* When he plays, we all win
Dean Kamen, 51
CEO, Segway LLC
As a child, Dean Kamen was obsessed with spinning tops. In college he helped his brother, a doctor, by inventing a portable insulin pump. After dropping out, he started a medical equipment company and developed a portable dialysis machine. Then one slushy day in the late '80s he saw a man struggling to get his wheelchair up a curb. "I thought, Well, I could make a better wheelchair than this," Kamen recalls. And he did: The self-balancing iBOT not only climbs stairs, it zips along at a runner's pace and rises up on its rear wheels, elevating occupants so they're eye-to-eye with standing people. Last year Kamen made a splash with his Segway, a two-wheeled gyroscopically balanced scooter that he believes will revolutionize urban transportation. And these are just his latest inventions: Kamen holds more than 150 patents.
Running on empty: Currently, he is working on a generator for Third World nations that can run on anything from animal dung to butane to jet fuel. And the engine heat it produces powers a device that purifies water. "Polluted drinking water is one of the world's worst problems," he says.
On creativity: "People think I wake up and check out my calendar: '9:30: Invent something. 10:45: Get new idea. 11:30: See the world differently from other people.' If I could tell you how to innovate, I'd be sitting on a cloud throwing lightning bolts. I never have a final image of a project until I reach the point where I can say, 'That's pretty neat.' "
Use an interactive map to determine how much farther you can travel in 20 minutes via a Segway—or how long it will take to get to a specific location via a Segway.
* He made computers everybody-friendly
Alan Kay, 62
President, Viewpoints Research Institute
The Windows concept is so entrenched that we have forgotten what it took to work a computer before we could just point and click. Apple founder Steve Jobs was blown away when he glimpsed an early model of a Windows-like operating system on a visit to Kay's workshop at Xerox in 1979. "I thought it was the best thing I'd ever seen in my life," Jobs has said. (Xerox disagreed, so Jobs's copy, for Macintosh, was the first graphic user interface.) These days Kay aims his products at kids. His computer language, Squeak, enables youngsters to create programs from scratch. "The best way to predict the future," he has said, "is to invent it."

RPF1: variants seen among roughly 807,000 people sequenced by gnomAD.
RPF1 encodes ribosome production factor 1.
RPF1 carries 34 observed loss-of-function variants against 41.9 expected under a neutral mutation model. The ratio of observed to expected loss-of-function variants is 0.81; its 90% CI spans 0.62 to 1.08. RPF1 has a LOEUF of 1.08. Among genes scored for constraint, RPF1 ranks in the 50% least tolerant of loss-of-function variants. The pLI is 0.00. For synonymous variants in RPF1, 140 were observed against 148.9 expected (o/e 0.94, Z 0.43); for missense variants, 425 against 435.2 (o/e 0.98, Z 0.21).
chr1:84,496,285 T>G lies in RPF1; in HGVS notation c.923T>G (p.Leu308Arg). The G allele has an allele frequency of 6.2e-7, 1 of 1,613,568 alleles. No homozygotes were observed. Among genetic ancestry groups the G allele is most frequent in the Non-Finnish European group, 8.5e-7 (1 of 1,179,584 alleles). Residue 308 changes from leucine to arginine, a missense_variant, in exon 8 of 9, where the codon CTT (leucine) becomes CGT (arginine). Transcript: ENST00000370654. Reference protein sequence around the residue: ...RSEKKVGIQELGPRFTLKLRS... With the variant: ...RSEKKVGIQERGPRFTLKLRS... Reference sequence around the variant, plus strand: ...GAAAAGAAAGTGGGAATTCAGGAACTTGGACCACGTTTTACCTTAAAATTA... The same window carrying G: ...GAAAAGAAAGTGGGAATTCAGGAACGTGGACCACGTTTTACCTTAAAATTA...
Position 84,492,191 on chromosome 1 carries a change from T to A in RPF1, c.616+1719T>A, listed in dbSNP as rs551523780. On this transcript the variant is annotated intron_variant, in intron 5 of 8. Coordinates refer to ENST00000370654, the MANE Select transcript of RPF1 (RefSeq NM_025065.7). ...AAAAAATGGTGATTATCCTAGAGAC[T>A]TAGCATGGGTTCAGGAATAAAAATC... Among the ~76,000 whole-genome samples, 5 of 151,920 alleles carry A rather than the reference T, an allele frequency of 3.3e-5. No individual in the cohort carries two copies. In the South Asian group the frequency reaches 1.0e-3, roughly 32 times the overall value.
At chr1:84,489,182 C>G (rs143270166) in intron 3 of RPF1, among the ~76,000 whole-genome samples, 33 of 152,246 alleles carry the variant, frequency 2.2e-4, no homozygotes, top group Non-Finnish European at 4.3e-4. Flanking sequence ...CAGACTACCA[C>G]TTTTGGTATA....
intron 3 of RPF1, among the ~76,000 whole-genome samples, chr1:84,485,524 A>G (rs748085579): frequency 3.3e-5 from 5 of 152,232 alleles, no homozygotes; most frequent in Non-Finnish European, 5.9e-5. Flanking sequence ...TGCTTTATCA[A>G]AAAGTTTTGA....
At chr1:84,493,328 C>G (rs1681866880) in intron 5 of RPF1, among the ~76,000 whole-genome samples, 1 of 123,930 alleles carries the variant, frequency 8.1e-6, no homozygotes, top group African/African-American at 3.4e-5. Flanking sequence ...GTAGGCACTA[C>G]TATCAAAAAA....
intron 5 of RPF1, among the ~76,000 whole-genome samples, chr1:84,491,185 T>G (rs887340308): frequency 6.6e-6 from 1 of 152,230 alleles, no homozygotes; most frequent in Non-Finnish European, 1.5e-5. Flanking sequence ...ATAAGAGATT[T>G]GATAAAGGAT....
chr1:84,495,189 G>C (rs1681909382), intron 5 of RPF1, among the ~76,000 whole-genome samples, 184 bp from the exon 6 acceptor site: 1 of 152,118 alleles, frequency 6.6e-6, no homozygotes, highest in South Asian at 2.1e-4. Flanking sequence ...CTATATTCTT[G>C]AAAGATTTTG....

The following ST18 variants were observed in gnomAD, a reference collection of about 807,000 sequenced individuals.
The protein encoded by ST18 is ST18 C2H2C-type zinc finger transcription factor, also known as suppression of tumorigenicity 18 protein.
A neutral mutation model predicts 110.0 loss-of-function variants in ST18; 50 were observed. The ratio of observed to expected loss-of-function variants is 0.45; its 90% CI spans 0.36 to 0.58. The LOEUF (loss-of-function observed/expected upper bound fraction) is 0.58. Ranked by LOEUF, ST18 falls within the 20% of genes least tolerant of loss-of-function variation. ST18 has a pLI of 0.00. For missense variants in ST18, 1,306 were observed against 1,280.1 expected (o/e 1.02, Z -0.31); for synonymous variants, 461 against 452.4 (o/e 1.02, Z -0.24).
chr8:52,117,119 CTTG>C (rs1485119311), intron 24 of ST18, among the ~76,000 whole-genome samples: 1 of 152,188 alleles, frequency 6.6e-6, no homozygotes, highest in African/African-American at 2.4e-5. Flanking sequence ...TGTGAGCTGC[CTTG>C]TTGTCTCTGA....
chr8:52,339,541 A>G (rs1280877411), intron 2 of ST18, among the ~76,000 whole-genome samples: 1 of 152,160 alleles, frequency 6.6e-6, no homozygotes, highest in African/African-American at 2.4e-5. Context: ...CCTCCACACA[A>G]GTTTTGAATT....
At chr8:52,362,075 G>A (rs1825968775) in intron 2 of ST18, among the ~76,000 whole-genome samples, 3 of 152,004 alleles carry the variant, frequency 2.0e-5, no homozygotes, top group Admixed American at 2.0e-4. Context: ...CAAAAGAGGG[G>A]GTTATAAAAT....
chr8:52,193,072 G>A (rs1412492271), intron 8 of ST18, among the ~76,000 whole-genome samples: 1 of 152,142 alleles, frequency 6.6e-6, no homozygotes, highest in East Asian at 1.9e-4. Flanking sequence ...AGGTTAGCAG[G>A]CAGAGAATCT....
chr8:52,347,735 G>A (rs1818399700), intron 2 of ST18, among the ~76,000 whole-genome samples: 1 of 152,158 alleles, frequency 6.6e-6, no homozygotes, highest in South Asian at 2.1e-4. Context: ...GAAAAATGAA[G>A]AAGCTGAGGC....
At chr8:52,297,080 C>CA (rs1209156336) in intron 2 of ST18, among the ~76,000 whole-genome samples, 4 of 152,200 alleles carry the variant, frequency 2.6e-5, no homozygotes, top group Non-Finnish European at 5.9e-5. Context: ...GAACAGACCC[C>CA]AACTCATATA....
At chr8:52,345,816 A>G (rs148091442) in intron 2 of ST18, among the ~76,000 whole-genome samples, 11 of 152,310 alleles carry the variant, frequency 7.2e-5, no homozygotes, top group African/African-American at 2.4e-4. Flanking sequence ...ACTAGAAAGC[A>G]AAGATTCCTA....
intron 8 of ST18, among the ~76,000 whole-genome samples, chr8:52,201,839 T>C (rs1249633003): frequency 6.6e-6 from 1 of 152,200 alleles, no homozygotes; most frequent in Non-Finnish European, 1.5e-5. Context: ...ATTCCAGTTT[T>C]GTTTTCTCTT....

* She reinvented the rerun
Geraldine Laybourne, 55
Chairman and CEO, Oxygen Media
In 1985, when Laybourne was president of kid network Nickelodeon, she faced a post-bedtime programming conundrum. Her solution: Nick at Nite, a comfort-viewing selection of beloved reruns. Nickelodeon went from also-ran to known brand. What's more, in the cutthroat TV world, Laybourne was likable. Her Mother's Little Management Manifesto, rules for nurturing leadership, starts with: "It's not enough to know your customers. You also have to like them." In 1998 Laybourne noisily launched Oxygen Media, a TV-and-Internet network. It's still a work in progress, but Laybourne is confident. "I'm an optimist," she has said. "I'm a Norwegian and a textbook middle child. I have a high tolerance for struggling."
* He showed us tiny is beautiful
Leon Lederman, 80
Director Emeritus, Fermi National Accelerator Laboratory
The subatomic particles that physicist Lederman has discovered, such as the "beauty" quark, are so small they don't have a radius. Yet these fleeting specks are the building blocks of the universe, and Lederman's research earned him a 1988 Nobel Prize. After nearly three decades on the faculty of Columbia University, his new crusade is to reverse the order in which high school science is taught. Lederman advocates teaching physics first, then chemistry, and then biology, because they build upon each other. And he teaches high schoolers himself, at a public academy he helped found. "It's self-serving, really," he says. "Working with children is the secret to eternal youth."